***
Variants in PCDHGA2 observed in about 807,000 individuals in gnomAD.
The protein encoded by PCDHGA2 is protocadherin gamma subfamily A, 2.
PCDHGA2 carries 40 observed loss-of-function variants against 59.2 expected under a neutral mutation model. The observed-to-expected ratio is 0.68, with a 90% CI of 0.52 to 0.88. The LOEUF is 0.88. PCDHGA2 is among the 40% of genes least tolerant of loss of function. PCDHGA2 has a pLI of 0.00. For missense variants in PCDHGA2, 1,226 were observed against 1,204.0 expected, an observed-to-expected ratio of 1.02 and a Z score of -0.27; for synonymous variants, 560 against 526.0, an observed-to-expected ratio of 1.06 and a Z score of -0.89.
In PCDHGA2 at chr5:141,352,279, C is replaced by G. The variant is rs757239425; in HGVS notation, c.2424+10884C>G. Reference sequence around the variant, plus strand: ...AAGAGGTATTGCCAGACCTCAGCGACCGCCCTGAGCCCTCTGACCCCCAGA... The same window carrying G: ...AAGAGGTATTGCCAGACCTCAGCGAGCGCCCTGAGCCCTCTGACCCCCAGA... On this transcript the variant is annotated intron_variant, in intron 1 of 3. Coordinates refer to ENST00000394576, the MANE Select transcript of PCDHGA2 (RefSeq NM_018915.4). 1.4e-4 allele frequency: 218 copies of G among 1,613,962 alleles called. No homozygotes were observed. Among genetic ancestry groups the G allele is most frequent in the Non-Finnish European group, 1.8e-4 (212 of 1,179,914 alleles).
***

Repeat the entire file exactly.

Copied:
Variants in PCDHGA2 observed in about 807,000 individuals in gnomAD.
The protein encoded by PCDHGA2 is protocadherin gamma subfamily A, 2.
PCDHGA2 carries 40 observed loss-of-function variants against 59.2 expected under a neutral mutation model. The observed-to-expected ratio is 0.68, with a 90% CI of 0.52 to 0.88. The LOEUF is 0.88. PCDHGA2 is among the 40% of genes least tolerant of loss of function. PCDHGA2 has a pLI of 0.00. For missense variants in PCDHGA2, 1,226 were observed against 1,204.0 expected, an observed-to-expected ratio of 1.02 and a Z score of -0.27; for synonymous variants, 560 against 526.0, an observed-to-expected ratio of 1.06 and a Z score of -0.89.
In PCDHGA2 at chr5:141,352,279, C is replaced by G. The variant is rs757239425; in HGVS notation, c.2424+10884C>G. Reference sequence around the variant, plus strand: ...AAGAGGTATTGCCAGACCTCAGCGACCGCCCTGAGCCCTCTGACCCCCAGA... The same window carrying G: ...AAGAGGTATTGCCAGACCTCAGCGAGCGCCCTGAGCCCTCTGACCCCCAGA... On this transcript the variant is annotated intron_variant, in intron 1 of 3. Coordinates refer to ENST00000394576, the MANE Select transcript of PCDHGA2 (RefSeq NM_018915.4). 1.4e-4 allele frequency: 218 copies of G among 1,613,962 alleles called. No homozygotes were observed. Among genetic ancestry groups the G allele is most frequent in the Non-Finnish European group, 1.8e-4 (212 of 1,179,914 alleles).